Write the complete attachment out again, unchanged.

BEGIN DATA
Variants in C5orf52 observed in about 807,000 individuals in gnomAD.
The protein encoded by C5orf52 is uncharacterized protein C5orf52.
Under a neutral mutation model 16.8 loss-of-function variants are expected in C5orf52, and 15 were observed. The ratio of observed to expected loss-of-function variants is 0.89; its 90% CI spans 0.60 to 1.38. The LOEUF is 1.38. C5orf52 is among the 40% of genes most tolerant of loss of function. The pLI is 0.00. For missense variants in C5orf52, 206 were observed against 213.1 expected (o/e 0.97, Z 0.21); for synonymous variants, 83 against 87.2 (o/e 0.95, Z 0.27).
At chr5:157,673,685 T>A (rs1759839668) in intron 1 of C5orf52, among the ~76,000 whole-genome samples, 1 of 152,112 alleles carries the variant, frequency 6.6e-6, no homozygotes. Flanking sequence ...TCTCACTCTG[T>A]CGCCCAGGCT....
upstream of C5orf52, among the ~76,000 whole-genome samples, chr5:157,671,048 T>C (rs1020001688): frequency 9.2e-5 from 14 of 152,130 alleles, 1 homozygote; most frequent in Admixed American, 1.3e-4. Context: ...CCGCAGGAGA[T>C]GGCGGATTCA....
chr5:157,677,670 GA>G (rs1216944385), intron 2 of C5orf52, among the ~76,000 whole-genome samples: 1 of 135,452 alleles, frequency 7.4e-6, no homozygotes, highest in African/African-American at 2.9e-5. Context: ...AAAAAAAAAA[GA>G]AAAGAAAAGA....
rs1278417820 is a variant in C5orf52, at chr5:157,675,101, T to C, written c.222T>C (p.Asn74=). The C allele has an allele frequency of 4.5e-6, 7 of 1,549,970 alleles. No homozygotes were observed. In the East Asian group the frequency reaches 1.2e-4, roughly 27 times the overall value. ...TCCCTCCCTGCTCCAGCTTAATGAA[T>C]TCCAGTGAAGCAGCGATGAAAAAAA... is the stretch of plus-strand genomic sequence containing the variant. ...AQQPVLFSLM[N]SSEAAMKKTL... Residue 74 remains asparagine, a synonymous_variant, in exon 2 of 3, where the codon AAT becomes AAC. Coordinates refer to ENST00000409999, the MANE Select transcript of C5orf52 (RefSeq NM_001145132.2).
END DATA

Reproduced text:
Variants in C5orf52 observed in about 807,000 individuals in gnomAD.
The protein encoded by C5orf52 is uncharacterized protein C5orf52.
Under a neutral mutation model 16.8 loss-of-function variants are expected in C5orf52, and 15 were observed. The ratio of observed to expected loss-of-function variants is 0.89; its 90% CI spans 0.60 to 1.38. The LOEUF is 1.38. C5orf52 is among the 40% of genes most tolerant of loss of function. The pLI is 0.00. For missense variants in C5orf52, 206 were observed against 213.1 expected (o/e 0.97, Z 0.21); for synonymous variants, 83 against 87.2 (o/e 0.95, Z 0.27).
At chr5:157,673,685 T>A (rs1759839668) in intron 1 of C5orf52, among the ~76,000 whole-genome samples, 1 of 152,112 alleles carries the variant, frequency 6.6e-6, no homozygotes. Flanking sequence ...TCTCACTCTG[T>A]CGCCCAGGCT....
upstream of C5orf52, among the ~76,000 whole-genome samples, chr5:157,671,048 T>C (rs1020001688): frequency 9.2e-5 from 14 of 152,130 alleles, 1 homozygote; most frequent in Admixed American, 1.3e-4. Context: ...CCGCAGGAGA[T>C]GGCGGATTCA....
chr5:157,677,670 GA>G (rs1216944385), intron 2 of C5orf52, among the ~76,000 whole-genome samples: 1 of 135,452 alleles, frequency 7.4e-6, no homozygotes, highest in African/African-American at 2.9e-5. Context: ...AAAAAAAAAA[GA>G]AAAGAAAAGA....
rs1278417820 is a variant in C5orf52, at chr5:157,675,101, T to C, written c.222T>C (p.Asn74=). The C allele has an allele frequency of 4.5e-6, 7 of 1,549,970 alleles. No homozygotes were observed. In the East Asian group the frequency reaches 1.2e-4, roughly 27 times the overall value. ...TCCCTCCCTGCTCCAGCTTAATGAA[T>C]TCCAGTGAAGCAGCGATGAAAAAAA... is the stretch of plus-strand genomic sequence containing the variant. ...AQQPVLFSLM[N]SSEAAMKKTL... Residue 74 remains asparagine, a synonymous_variant, in exon 2 of 3, where the codon AAT becomes AAC. Coordinates refer to ENST00000409999, the MANE Select transcript of C5orf52 (RefSeq NM_001145132.2).